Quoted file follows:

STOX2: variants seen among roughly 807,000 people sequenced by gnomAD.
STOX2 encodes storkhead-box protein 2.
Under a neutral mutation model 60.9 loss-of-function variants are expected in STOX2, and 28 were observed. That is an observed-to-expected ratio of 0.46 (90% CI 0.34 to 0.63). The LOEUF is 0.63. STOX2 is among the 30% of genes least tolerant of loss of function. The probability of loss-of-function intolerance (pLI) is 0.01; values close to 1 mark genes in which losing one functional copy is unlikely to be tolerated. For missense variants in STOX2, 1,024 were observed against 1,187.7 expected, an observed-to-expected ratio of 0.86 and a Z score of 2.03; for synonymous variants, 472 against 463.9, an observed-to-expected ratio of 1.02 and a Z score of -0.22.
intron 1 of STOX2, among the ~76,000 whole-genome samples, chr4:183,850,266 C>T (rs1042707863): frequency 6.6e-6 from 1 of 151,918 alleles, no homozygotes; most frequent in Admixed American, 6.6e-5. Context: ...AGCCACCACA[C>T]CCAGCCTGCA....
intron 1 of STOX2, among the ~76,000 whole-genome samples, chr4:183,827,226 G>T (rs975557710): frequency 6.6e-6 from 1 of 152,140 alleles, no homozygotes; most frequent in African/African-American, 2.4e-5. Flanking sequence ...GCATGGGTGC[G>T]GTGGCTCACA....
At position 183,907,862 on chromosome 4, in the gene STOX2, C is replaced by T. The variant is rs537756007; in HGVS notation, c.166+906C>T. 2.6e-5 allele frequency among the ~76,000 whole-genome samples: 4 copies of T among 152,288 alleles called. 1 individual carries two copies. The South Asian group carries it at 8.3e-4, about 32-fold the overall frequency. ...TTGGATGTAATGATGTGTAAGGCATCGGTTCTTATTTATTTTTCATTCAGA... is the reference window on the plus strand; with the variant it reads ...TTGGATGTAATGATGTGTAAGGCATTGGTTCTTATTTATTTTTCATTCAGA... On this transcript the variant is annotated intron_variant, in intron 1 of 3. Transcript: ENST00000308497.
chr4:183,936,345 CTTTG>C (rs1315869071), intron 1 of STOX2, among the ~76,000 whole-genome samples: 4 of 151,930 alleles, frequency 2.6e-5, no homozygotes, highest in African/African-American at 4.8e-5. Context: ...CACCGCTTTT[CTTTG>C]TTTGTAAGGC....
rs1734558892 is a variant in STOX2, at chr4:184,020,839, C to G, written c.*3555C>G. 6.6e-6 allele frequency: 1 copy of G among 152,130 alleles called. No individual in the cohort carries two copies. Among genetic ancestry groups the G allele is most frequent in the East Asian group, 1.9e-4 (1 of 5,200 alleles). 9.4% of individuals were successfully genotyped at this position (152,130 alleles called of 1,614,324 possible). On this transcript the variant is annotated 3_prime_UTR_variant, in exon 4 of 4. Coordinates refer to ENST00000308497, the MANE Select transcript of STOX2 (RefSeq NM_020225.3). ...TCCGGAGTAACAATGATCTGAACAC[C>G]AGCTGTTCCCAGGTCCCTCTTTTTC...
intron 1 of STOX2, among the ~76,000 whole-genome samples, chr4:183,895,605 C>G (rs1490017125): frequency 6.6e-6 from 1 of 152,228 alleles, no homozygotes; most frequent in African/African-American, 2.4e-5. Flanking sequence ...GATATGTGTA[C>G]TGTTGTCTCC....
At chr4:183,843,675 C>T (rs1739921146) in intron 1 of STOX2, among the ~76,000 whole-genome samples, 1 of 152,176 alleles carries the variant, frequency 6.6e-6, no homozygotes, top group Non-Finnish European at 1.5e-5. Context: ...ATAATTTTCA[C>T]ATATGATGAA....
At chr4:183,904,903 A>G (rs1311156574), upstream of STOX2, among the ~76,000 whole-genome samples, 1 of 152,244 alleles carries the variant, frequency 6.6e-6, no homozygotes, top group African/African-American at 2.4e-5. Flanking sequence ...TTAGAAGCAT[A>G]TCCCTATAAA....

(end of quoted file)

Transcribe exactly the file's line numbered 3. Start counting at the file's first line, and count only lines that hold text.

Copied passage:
Under a neutral mutation model 60.9 loss-of-function variants are expected in STOX2, and 28 were observed. That is an observed-to-expected ratio of 0.46 (90% CI 0.34 to 0.63). The LOEUF is 0.63. STOX2 is among the 30% of genes least tolerant of loss of function. The probability of loss-of-function intolerance (pLI) is 0.01; values close to 1 mark genes in which losing one functional copy is unlikely to be tolerated. For missense variants in STOX2, 1,024 were observed against 1,187.7 expected, an observed-to-expected ratio of 0.86 and a Z score of 2.03; for synonymous variants, 472 against 463.9, an observed-to-expected ratio of 1.02 and a Z score of -0.22.